Runcorn Viaduct is a Grade II listed structure that crosses the River Mersey and the Manchester Ship Canal from Runcorn to Widnes in Cheshire.
The scope of works included:
- Slung scaffold installed across the River Mersey with a moveable Cradle installed above the Manchester Ship Canal span.
- Canal works were restricted by the continual passage of ships beneath the structure; the cradle would need to be moved to allow the tallest ships to pass.
- Grit Blasting followed by the application of 23,000 litres of protective Glass Flake epoxy
- Steelwork repairs to the soffit area with confined space work inside the structure.
Carrying the two tracks of the Liverpool Branch of the West Coast Mainline 23m above the high water mark; the bridge consists of three wrought iron lattice girder spans of 93m. Taziker Industrial (TI) were awarded the contract to refurbish the soffit areas of the 140 year old structure.
The structure was washed and then blasted with iron silicate abrasive to reveal what was under the generations of grime, then the steelwork was dried and detailed inspections were carried out, leading to an inventory of structural and condition led repairs. Finally, the team coated the structure in a protective treatment that will ensure the soffit area of the structure will be protected for at least another 25 years.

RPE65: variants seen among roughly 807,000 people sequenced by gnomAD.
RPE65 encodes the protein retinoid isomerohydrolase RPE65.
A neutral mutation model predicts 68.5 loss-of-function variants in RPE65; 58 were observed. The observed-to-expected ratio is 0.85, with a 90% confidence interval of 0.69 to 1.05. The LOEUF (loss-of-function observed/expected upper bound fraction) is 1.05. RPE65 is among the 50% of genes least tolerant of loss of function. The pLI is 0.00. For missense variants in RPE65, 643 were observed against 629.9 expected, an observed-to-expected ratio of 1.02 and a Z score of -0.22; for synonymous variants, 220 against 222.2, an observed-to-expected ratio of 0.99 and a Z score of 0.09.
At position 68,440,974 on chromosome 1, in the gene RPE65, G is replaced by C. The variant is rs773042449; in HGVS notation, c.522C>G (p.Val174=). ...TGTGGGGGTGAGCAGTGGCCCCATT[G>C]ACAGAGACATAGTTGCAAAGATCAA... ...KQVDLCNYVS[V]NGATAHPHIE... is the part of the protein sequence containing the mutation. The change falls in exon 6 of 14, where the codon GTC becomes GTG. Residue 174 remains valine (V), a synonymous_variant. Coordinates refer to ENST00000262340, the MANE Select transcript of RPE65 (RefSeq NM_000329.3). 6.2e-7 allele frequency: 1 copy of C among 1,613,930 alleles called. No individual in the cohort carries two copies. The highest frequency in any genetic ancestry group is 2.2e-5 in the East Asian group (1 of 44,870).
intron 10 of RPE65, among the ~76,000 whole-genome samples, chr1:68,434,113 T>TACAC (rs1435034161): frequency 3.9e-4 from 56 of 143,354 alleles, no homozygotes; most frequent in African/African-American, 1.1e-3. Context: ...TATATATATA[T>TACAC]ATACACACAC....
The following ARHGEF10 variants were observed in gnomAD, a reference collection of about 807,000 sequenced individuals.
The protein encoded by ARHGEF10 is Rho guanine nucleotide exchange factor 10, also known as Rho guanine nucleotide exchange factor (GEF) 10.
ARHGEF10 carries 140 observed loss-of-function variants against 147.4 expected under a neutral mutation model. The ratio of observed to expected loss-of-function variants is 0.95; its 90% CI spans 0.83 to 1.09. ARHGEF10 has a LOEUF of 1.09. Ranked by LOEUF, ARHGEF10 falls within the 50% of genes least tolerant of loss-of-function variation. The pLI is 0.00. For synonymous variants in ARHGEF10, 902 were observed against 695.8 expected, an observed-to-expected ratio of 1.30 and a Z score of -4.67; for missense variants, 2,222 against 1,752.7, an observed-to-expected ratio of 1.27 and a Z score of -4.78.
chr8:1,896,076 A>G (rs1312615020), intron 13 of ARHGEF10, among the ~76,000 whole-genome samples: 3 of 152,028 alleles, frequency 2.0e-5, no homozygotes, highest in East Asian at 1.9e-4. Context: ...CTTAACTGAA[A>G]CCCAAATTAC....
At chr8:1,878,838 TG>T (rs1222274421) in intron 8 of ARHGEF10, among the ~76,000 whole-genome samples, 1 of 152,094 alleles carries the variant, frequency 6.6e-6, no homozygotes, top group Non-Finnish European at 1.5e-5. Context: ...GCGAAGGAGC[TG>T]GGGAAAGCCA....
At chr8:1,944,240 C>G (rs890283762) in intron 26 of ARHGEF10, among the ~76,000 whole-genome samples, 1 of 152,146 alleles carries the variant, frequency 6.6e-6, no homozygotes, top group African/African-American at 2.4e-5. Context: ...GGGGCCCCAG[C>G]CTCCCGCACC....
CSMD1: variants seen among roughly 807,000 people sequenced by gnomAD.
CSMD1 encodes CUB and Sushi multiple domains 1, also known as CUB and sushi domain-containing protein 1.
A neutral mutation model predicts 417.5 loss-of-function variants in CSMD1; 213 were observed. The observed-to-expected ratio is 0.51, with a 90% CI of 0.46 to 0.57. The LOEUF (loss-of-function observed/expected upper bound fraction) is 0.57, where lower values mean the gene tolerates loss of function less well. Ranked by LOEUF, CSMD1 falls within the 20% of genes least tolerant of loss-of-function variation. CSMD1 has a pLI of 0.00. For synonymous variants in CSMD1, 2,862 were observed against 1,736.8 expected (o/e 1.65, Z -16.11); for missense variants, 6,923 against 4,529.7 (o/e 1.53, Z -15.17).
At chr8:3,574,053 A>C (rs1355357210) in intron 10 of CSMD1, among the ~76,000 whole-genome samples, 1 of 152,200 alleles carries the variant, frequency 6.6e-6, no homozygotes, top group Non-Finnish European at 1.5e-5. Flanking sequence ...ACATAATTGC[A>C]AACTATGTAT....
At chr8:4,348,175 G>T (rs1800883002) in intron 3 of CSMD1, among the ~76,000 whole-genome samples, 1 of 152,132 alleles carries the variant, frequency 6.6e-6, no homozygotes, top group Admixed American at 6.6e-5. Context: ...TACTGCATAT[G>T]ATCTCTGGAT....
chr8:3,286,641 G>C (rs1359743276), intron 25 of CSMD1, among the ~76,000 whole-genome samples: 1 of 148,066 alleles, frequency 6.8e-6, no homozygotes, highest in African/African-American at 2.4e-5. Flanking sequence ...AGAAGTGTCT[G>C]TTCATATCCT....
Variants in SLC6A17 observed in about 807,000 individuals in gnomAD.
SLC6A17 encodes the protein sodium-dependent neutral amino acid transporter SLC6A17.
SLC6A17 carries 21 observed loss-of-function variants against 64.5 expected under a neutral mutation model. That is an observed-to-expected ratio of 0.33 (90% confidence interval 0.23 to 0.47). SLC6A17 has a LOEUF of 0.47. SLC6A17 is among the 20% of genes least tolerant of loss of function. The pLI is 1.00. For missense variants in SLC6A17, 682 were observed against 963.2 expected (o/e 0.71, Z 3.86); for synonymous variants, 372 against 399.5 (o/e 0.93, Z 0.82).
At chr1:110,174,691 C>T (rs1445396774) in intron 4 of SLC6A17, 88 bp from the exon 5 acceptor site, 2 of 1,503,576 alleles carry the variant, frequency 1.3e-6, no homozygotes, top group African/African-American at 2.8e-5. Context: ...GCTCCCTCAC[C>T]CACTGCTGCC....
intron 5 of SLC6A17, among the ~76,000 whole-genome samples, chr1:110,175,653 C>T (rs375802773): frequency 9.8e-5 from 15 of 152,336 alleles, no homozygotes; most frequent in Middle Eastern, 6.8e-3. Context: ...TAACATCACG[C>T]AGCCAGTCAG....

The access system for the river spans was complex slung scaffold. In order to allow tall vessels the continued use of the Manchester Ship Canal, the canal span section was accessed by a travelling cradle, which can be winched along the structure to allow the passage of vessels below.
The environmental issues had to be taken very seriously, for despite the industrial landscape, there were two major designations to consider. The Runcorn Gap which the structure spans is a SSSI (Site of Special Scientific Interest) and is also covered by the RAMSAR convention for wetlands of international importance. By utilising the Envirowrap system, we could ensure that no contaminants generated during the grit blasting or painting process could leave our encapsulated area.
Learning and Innovation
At TI, we always go to great lengths to ensure that our people stay safe. When working on structures that span the water, we always have a rescue boat on hand in the unlikely event that someone should enter the water. In this case, the work was being carried out over the Runcorn sand flats, and a rescue boat would have been useless at low tide. So we bought a rescue hovercraft to give rapid coverage over both the water and the treacherous sand flats.